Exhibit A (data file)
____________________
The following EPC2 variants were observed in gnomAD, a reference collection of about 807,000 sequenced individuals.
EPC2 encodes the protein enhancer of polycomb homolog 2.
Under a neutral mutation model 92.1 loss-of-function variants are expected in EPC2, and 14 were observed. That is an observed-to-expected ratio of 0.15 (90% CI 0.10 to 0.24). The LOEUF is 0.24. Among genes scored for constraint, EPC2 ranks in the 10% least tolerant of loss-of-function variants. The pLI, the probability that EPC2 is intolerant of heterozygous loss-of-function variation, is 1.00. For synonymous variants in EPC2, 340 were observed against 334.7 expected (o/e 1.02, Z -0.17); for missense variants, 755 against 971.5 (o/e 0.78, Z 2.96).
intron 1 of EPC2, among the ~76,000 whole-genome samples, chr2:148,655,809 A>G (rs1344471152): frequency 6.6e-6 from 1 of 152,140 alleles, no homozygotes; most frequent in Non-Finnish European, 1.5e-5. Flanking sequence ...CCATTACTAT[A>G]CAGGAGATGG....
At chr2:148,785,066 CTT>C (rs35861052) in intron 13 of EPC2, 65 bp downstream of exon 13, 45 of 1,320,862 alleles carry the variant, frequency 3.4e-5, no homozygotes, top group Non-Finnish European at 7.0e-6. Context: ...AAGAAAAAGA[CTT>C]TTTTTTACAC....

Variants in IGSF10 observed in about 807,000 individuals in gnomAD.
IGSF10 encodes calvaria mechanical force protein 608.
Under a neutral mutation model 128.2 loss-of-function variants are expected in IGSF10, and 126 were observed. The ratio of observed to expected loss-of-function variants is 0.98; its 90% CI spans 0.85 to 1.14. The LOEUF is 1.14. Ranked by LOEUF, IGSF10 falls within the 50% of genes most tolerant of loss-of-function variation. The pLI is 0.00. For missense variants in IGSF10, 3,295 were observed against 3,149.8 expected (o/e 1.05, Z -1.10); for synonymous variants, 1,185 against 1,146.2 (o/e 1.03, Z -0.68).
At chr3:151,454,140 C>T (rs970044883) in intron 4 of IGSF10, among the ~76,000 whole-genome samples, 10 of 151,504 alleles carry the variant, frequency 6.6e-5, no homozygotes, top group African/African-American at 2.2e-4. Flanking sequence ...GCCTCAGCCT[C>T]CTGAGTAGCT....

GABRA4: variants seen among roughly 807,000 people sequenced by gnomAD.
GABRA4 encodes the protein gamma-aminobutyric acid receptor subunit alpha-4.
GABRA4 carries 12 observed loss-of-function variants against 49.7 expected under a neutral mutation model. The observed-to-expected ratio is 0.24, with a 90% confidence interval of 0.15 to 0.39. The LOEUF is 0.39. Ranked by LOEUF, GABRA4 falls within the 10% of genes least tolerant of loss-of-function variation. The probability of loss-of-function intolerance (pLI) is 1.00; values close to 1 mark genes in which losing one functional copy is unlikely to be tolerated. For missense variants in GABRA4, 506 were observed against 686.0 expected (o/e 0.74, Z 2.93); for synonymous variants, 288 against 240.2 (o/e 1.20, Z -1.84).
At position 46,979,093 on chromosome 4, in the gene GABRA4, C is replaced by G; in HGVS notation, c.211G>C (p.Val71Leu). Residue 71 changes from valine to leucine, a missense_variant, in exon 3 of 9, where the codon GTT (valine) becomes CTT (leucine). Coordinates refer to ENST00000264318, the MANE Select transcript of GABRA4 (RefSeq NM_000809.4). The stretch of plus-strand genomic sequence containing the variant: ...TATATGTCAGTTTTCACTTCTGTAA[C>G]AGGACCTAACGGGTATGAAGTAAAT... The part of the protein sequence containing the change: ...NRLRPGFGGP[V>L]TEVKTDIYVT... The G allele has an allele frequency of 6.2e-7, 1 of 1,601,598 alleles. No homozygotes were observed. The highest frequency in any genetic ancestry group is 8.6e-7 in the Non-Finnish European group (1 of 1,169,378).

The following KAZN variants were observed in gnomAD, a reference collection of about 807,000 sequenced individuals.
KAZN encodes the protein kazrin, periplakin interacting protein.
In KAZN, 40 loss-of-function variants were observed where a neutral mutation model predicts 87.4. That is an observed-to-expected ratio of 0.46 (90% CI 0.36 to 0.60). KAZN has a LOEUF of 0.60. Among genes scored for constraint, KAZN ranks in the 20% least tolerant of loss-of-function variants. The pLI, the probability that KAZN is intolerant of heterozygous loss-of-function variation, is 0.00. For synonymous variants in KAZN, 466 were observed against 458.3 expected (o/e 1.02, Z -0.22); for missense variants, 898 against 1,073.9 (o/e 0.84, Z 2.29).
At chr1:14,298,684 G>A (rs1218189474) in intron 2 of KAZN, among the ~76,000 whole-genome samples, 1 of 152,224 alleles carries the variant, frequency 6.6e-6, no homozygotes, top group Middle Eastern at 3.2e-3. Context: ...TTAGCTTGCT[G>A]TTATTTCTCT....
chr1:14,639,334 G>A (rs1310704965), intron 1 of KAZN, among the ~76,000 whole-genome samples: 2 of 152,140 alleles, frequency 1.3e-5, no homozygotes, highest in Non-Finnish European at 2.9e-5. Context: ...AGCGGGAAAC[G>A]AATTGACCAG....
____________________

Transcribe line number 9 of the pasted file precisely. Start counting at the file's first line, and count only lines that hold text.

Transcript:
At chr3:151,454,140 C>T (rs970044883) in intron 4 of IGSF10, among the ~76,000 whole-genome samples, 10 of 151,504 alleles carry the variant, frequency 6.6e-5, no homozygotes, top group African/African-American at 2.2e-4. Flanking sequence ...GCCTCAGCCT[C>T]CTGAGTAGCT....